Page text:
would give to R; and the second represents the which is perhaps the best extant for the

Persian Khe, and has a resemblance to the Scot.

tish and Irish ch in loch (a lake). It is to be * Peshawer, the Royal city at which Mr. E. observed, that when a consonant is repeated it is found the king, is situate in Afghanistan itself, to be pronounced double. Thus dd is not to be or Afghanistan Proper, said to be called by the pronounced singly as in paddock, but doubly as natives Pokhtunkha.

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which his work is divided, as well in longitude 62°, to the eastern boundary as those of an infinity of chapters of Cashmeer in longitude 77° east, and contained in them, the name of from the mouth of the Indus, in latitude

24', to the Oxus, in latitude, 37° north. “ Caubul” scarcely occars, while

The whole space included between every thing is made to belong to the those lines of latitude and longitude, does Afghauns," Afghaunistaun," not belong to the King of Caubul, and it and the “ Afghaun nation,") we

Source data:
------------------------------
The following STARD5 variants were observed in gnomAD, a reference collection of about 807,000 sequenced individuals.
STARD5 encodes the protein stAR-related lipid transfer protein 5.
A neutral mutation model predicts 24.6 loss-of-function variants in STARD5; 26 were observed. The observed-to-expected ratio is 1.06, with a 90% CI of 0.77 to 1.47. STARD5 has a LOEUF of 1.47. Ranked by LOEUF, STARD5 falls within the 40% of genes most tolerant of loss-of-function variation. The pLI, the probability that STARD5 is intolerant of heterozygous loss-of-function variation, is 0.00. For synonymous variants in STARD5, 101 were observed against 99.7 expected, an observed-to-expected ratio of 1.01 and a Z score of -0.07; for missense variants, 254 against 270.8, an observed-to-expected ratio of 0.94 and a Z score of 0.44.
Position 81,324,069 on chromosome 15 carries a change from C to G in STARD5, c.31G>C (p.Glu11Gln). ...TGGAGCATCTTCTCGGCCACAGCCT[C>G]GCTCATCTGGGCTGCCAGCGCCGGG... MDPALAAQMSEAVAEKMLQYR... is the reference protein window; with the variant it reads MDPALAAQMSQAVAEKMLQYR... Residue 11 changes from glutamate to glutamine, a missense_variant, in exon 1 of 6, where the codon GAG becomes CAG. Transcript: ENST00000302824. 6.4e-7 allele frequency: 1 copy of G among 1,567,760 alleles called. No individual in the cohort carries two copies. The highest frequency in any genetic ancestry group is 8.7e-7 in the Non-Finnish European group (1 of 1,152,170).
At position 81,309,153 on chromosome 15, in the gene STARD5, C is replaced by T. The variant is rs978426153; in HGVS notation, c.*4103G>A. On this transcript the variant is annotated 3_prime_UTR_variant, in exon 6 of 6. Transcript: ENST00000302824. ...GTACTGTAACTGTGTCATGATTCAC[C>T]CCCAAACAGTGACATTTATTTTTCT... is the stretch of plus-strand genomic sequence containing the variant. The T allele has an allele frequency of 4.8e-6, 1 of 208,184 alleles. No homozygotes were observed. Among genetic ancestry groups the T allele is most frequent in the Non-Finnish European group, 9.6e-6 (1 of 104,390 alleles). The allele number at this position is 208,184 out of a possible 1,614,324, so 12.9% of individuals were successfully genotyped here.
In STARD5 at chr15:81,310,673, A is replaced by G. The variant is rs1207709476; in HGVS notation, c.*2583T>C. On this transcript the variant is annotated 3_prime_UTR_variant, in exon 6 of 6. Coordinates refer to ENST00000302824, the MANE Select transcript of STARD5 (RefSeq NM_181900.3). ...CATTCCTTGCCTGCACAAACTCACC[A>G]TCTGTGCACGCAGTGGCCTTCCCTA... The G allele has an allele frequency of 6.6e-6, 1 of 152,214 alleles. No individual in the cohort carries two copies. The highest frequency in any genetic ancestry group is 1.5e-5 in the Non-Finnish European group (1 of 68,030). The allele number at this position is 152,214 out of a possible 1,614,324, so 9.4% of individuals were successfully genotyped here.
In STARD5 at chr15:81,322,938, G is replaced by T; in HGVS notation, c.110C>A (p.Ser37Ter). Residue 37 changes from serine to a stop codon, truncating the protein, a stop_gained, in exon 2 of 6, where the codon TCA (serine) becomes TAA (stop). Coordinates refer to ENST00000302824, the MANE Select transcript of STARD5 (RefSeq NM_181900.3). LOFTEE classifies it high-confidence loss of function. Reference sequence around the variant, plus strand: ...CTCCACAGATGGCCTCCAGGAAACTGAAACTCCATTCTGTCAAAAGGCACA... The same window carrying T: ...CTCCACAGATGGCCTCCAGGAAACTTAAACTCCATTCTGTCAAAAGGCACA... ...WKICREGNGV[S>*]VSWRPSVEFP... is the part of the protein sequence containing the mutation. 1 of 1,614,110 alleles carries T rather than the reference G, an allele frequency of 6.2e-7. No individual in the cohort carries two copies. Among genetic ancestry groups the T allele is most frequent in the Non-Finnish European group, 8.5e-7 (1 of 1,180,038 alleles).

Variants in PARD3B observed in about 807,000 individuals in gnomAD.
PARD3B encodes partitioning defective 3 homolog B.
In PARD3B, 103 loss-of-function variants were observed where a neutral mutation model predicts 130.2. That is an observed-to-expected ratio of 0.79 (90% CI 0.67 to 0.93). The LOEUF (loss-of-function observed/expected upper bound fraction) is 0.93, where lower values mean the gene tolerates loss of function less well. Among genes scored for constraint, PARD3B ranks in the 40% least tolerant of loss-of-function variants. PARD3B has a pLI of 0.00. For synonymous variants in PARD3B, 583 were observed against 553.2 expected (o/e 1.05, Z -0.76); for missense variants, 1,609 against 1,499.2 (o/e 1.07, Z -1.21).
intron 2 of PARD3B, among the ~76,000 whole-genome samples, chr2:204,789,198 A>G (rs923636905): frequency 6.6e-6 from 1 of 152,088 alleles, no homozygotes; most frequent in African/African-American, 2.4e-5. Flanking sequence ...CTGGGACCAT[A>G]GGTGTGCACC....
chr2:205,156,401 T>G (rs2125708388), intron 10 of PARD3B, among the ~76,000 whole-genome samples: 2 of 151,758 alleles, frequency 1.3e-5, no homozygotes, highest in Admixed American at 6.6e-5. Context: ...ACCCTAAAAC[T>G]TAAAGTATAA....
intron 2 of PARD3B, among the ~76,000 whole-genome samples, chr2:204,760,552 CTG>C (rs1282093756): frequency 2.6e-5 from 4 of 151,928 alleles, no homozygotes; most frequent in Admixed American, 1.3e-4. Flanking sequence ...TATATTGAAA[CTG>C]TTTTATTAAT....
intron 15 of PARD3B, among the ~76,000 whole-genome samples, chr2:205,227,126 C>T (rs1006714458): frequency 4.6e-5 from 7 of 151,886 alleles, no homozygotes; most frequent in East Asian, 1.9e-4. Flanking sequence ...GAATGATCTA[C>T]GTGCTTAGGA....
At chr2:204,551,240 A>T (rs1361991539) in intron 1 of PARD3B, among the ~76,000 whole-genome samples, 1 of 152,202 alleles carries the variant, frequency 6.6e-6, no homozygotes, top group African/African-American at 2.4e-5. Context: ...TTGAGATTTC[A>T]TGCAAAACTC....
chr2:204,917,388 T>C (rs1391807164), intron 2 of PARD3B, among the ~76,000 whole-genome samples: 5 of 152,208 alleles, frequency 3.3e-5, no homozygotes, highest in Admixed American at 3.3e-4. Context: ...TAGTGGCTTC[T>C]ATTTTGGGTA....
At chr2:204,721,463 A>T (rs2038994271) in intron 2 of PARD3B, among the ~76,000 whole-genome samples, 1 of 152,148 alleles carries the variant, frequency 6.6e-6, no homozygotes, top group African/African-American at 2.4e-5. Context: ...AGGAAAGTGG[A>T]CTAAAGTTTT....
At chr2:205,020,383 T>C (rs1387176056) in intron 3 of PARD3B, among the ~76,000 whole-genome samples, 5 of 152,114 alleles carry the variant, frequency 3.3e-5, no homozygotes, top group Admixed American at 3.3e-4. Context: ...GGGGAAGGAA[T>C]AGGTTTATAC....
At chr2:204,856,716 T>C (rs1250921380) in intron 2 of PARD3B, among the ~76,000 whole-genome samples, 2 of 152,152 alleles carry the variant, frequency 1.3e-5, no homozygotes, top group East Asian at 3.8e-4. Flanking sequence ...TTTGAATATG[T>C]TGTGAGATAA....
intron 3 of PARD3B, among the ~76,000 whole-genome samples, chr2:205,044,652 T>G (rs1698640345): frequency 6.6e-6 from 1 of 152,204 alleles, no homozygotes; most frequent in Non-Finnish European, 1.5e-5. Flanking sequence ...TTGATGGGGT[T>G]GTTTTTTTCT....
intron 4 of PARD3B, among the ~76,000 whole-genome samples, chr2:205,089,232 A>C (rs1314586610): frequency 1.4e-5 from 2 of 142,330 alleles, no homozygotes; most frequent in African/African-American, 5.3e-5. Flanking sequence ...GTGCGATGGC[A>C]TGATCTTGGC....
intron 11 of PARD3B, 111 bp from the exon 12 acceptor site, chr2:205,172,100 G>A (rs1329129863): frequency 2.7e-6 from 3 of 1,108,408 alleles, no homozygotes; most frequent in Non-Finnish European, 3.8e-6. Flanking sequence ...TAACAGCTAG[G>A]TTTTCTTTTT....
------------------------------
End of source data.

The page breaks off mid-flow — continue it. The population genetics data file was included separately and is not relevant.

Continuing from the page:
will hereafter appear, that of those which

may be considered as annexed to his may quote, as preliminary informa

crown, many owe him but a nominal tion for the reader, Mr. E.'s ac

obedience. count of the situation and boun

This kingdom is bounded on the east daries of the country of which we by Hindostan, in which it however comare to speak, described in the work prehends Cashmeer, and the countries on itself, (though the terms are imme

the left bank of the Indus. On the south diately changed in the text,) as the

it may be coarsely said to have the Per

sian gulph ; and on the west, a desart " situation and boundaries of Afg. extends along the whole of the frontiers. baunistaun.” Previous writers have Its northern frontier is formed by the told us, that Afghanistan may be mountains of the eastern Caucasus, which reckoned, from N. to S. at three are, however, included within the weshundred and fifty miles in length ; by the Oxus.

tern part of the boundary there formed and, from E. to W. counting west